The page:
HTC’s One is the company’s latest flagship smartphone and its latest attempt to create a market defining Android device, and with a sexy design, expensive feel, and market leading specs the company could hit the jackpot.
Despite HTC’s recent woes that include some miss-firing handsets and an ailing financial state, the company has actually managed to create something in the HTC One that is exceptional. Whether that is enough to steal the Android crown from Samsung is another issue, but at least from our time with the device we think the HTC One will at least give consumers something to think about.
Design and Screen
HTC has got it wrong in recent years, delivering a host of plastic and rather cheap feeling phones, even ones intended for the high-end market. However, the company has now gone back to the days when it used metals to construct its handsets, and the HTC One is all the better for that. The back plate is composed of machined aluminum which gives the phone a real feel of quality and sturdiness.
That back plate comes with its cons though, such as it makes the phone weighty when next to rivals, but to the average user the difference should be unnoticeable. The One isn’t the thinnest of smartphones either, coming in at 9mm thick, but again when we are talking in millimetres, the difference compared to rivals is negligible.
That said the device feels good in the hand, comfortable and in a weird way feels as if it has purpose. I was initially uncertain about the two front facing speakers, but aside from having practical purposes they are actually pleasing on the eye and give the HTC One a defining design feature that its competitors do not have.
The only gripe I really have about the look of the One is that it looks a little like a mix between the iPhone and the Blackberry Z10. However I can temper that by saying when dealing with touchscreens there is not a whole lot that can be done in terms of radical design and the fact the One looks good means I can forgive the similarities with other devices.
The 4.7-inch 1080p screen is crisp and clear, while colours are delivered brightly and with clarity. I did not get a load of time to put it through its paces, but from what I saw I would say this should be at least up the standard of rivals in terms of video playback, general browsing, and photography.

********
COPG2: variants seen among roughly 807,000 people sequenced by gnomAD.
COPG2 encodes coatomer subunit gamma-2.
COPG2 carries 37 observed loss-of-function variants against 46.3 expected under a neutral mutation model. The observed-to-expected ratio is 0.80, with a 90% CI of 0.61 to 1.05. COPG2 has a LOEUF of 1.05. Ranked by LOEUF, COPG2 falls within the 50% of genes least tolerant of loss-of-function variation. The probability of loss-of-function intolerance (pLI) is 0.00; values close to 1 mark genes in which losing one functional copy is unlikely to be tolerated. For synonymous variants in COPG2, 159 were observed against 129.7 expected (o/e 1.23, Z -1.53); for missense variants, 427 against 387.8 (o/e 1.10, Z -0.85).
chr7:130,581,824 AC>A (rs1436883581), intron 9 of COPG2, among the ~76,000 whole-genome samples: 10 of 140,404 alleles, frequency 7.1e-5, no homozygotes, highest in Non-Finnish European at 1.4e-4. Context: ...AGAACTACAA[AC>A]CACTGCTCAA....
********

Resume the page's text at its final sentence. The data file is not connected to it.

The HTC One runs off Android 4.1.2 but as normal HTC has pasted its Sense interface over the top, although this is a new version of Sense, which will be a relief to those who used the poor Sense experience from last year’s handsets.
The major new feature of Sense is something HTC calls BlinkFeed, a new home screen designed to act as your hub. BlinkFeed works by scraping data from your favourite websites, social media venues, and your camera and putting them together on a tiled interface homepage. Tapping on any tile will open it to full screen and reveal the full contents for you to read.
Look, it is fairly obvious that BlinkFeed is a RSS feed of sorts, albeit a good looking glorified one. As such it works as you would expect, meaning you can choose what content is shown on the homepage and you can also use swipe gestures to refresh the screen. If you imagine a hybrid of Windows 8 and the popular FlipBoard app then you have a good idea of what BlinkFeed is. It is attractive there is no doubt about that, and while I think the feature has potential there are a load of apps available that already offer all the features.
From my few minutes fiddling with the device I could see that the 1.7GHz quad-core processor, backed up by 2GB of RAM moves at a fair clip. The HTC One is fast and I doubt there is an app or game that is going to push this handset to its limit.
Perhaps the most discussed feature of the HTC One is the camera. At a time when smartphone manufacturers are trying to outdo each other by boosting their megapixels, HTC has gone the other way and delivered a camera that is just 4-megapixels. HTC anticipated an outcry from the more megapixels the better brigade but the company has been eager to stress that the camera on the HTC One features individual pixels on the sensor that allow in more light than rival lenses, 300% more light actually.
One ability of the camera is the “ZOE” video, a feature that allows users to take a short video much like Twitter’s Vine app. However, with the ZOE system you can then examine the video frame by frame to find the perfect shot. The gallery also has a lot to offer thanks to the ability to view photos that are displayed side-by-side as a frame; this happens like a slide show and allows users to make short 30-second frame by frame animations.
There are some cool features, but this camera is a huge gamble by HTC and we will be eager to see how this snapper works in the field before we make a proper judgement on it.
HTC has made a very good smartphone and we think the One is a really viable alternative to the Samsung Galaxy S3. However, with the Galaxy S4 just around the corner, it is probably the case that the HTC One does just enough to be current now, but is not advanced enough to compete with up and coming flagship like the next Galaxy or the iPhone 5S. That doesn’t mean the game is up, at least for the time being it is the best of the rest, but with the Sony Xperia Z and the LG Optimus Pro hitting the market, the race for third place is really hotting up.